CareerBuilder Find Jobs My CareerBuilder Work & Life Tools & Advice Employers


Enter Keyword(s):  


Enter a City:


Select a State:



Create a Job Alert
Get your dream job...right in your inbox!

Hourly-Paid Jobs
Pre-apply for jobs that match YOUR interests.


Sign in now and access your saved searches, resumes and more!

Job Seeker Toolkit
Use these smart tools to land your next job.

SureCheck
See what's in your background records!
Tips for a Stealthy Job Hunt While Still Employed
Copyright CareerBuilder, LLC -- reprinted with permission
Now that the job situation seems to be improving, are you one of the people who has been waiting for the right time to make a leap to a new job? Here are some tips for conducting that stealthy search while still employed from Neil Lebovits, president and COO of Ajilon Professional Staffing in Saddlebrook, NJ.

Be smart about email.
Play it safe, says Lebovits. You need to keep your current job until you have a new one. Email watch policies vary by company, so you'll want to use a separate account, like Hotmail, when discussing job search-related items. Plus, employers would rather receive correspondence from personal accounts than from competitor addresses. And most importantly, you don't want to send a message to a potential new employer that you conduct job searches on company time.

Don't wear your interview suit to your biz casual office.
Nothing sets off a red flag like wearing a suit to your dressed-down office. So how should you handle the wardrobe dilemma? For both men and women, suit bottoms (i.e. pants, skirts) are always passable for business casual. Lebovits suggests bringing a shoulder bag/duffle with a jacket in it, and change en route to/from the interview. For women, it is especially easy to wear a casual shell under a suit -- once a jacket and stockings are removed, no one will detect an afternoon interviewee. For men, make sure your shirt stands on its own without a tie and you can easily make the switch.

Be discreet when gathering references.
It all comes down to discretion. Former coworkers who have left to go elsewhere are usually the first ones to turn to if you want to keep your search confidential. However, current coworkers are really the ideal names to pass along to your potential employer. Put a significant amount of thought into who will keep your confidence at your current job. "Oftentimes, people find peers rather than managers to be safer bets," says Lebovits. "As long as your reference can speak to your work ethic, enthusiasm, drive and accomplishments, you don't need to search high and low for a senior executive to speak on your behalf - go with who knows you best."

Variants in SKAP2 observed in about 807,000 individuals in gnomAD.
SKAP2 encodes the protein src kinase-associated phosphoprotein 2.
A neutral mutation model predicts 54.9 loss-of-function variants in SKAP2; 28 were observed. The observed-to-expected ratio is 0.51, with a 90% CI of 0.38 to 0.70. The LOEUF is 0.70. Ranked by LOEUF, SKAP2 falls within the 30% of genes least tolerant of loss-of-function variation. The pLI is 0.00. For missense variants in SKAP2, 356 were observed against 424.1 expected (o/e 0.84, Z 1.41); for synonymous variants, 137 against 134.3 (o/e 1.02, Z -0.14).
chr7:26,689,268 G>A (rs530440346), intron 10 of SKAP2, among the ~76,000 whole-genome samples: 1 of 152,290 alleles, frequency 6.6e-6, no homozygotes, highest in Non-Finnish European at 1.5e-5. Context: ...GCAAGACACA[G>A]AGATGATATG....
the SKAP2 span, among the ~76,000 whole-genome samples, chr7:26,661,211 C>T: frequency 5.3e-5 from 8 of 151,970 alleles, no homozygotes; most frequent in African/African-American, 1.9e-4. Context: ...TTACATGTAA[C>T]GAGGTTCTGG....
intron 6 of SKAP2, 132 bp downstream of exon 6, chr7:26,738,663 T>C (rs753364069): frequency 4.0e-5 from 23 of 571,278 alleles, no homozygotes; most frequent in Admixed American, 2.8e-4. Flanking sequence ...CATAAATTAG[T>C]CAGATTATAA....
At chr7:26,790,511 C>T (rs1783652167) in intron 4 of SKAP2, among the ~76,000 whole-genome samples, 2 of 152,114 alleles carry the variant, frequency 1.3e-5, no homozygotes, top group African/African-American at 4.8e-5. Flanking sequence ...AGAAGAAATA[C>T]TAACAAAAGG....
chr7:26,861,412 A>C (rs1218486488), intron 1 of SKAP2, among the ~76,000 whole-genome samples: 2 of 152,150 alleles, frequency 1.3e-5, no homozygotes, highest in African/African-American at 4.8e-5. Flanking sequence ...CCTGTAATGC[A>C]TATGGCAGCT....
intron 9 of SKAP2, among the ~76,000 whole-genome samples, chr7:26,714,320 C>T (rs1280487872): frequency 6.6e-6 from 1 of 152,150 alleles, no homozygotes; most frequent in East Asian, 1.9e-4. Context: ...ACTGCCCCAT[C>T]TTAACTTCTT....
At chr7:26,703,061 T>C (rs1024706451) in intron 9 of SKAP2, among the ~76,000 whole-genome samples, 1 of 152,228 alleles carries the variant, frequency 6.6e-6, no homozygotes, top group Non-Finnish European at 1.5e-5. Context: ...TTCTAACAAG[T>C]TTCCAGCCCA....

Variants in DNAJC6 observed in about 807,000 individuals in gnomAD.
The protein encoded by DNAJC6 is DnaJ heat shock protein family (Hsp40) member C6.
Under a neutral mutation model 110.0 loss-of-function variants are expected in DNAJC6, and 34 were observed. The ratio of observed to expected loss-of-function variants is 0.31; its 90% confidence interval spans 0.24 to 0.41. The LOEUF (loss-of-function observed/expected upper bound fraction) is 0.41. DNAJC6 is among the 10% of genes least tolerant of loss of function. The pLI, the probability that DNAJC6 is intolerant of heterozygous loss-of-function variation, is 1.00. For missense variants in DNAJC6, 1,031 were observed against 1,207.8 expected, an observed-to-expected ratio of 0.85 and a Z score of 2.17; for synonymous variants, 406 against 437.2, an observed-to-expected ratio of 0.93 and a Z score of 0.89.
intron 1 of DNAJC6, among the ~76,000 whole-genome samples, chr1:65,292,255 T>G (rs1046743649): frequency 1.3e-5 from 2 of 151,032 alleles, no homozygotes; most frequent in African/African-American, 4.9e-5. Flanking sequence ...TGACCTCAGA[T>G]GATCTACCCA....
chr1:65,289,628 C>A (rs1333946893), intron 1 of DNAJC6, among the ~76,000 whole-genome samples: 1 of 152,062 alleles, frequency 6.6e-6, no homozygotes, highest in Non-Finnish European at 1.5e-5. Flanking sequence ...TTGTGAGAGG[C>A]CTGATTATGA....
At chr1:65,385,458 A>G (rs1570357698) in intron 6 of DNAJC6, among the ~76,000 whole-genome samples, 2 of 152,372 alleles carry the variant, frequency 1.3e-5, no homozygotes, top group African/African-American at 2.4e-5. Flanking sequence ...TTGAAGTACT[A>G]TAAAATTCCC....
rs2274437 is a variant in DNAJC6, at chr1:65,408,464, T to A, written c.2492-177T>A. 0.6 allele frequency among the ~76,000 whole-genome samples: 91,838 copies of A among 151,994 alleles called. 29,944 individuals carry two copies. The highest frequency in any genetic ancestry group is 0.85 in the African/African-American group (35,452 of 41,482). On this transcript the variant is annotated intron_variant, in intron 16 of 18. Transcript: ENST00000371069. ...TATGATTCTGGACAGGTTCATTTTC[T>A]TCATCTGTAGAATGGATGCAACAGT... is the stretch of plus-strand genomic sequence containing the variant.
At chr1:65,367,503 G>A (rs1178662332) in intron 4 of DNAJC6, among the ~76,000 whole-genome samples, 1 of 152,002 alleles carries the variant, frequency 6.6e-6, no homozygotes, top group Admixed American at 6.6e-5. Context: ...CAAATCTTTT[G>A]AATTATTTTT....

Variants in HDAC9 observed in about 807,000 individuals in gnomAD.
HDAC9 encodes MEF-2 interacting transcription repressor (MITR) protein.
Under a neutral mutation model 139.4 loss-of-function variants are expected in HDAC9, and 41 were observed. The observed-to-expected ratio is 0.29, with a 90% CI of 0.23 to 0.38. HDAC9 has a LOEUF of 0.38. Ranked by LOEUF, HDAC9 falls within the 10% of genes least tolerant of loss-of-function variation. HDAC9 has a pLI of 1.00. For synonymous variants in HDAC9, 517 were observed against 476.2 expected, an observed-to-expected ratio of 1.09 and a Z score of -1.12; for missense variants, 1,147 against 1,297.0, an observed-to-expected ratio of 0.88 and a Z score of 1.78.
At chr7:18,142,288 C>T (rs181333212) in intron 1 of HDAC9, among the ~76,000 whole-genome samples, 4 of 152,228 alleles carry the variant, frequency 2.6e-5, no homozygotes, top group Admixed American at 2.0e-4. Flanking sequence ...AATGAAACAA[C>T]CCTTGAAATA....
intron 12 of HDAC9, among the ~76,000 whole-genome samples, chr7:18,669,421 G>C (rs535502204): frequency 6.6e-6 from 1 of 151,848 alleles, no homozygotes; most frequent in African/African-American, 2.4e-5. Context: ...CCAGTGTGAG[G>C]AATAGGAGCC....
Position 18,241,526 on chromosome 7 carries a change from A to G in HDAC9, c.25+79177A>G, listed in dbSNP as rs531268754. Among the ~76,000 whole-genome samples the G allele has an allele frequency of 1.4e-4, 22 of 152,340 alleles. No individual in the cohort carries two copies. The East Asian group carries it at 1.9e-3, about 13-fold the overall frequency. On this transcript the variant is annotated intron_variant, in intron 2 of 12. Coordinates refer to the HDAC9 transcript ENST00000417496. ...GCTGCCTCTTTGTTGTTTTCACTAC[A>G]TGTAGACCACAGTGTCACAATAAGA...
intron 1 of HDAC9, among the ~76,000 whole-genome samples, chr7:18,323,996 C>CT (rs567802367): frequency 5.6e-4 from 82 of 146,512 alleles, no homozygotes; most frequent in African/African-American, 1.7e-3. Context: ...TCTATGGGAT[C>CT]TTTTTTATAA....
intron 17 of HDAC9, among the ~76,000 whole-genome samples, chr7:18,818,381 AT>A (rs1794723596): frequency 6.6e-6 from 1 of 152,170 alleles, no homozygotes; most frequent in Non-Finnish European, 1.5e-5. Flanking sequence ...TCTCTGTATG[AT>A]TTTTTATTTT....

Use your time wisely.
The breakfast interview is an ideal forum. Meetings scheduled at 8 a.m. are often over in time to arrive at work by 9 a.m. If they run over, any number of reasons can be offered for a delayed arrival. "I'd caution the use of excessive creativity when devising excuses for taking time off," warns Lebovits. "'Personal time' for a relaxing respite is still an acceptable reason for taking vacation time. Those who offer the 'sick' excuse run the risk of being asked to log on and work from home, or at least make themselves available." The best maneuvers are those when an interview can be tacked on to other pre-planned time off (long weekends, etc.) or non-work hours, he adds.

Never stop giving your all at work.
Never stop giving your all, advises Lebovits. Job seekers often experience intense paranoia at their current job. If you devote yourself fully to what you're doing in the hours you're there (and job search with a vengeance in the hours when you're not), you'll continue to get the praise and recognition to keep you on track at your current job. In the end, the possibility always exists that you'll stay. Don't shoot yourself in the foot by causing suspicion where you are and maybe not landing anything else.


Copyright CareerBuilder.com 2004. All rights reserved. The information contained in this article may not be published, broadcast or otherwise distributed without the prior written authority.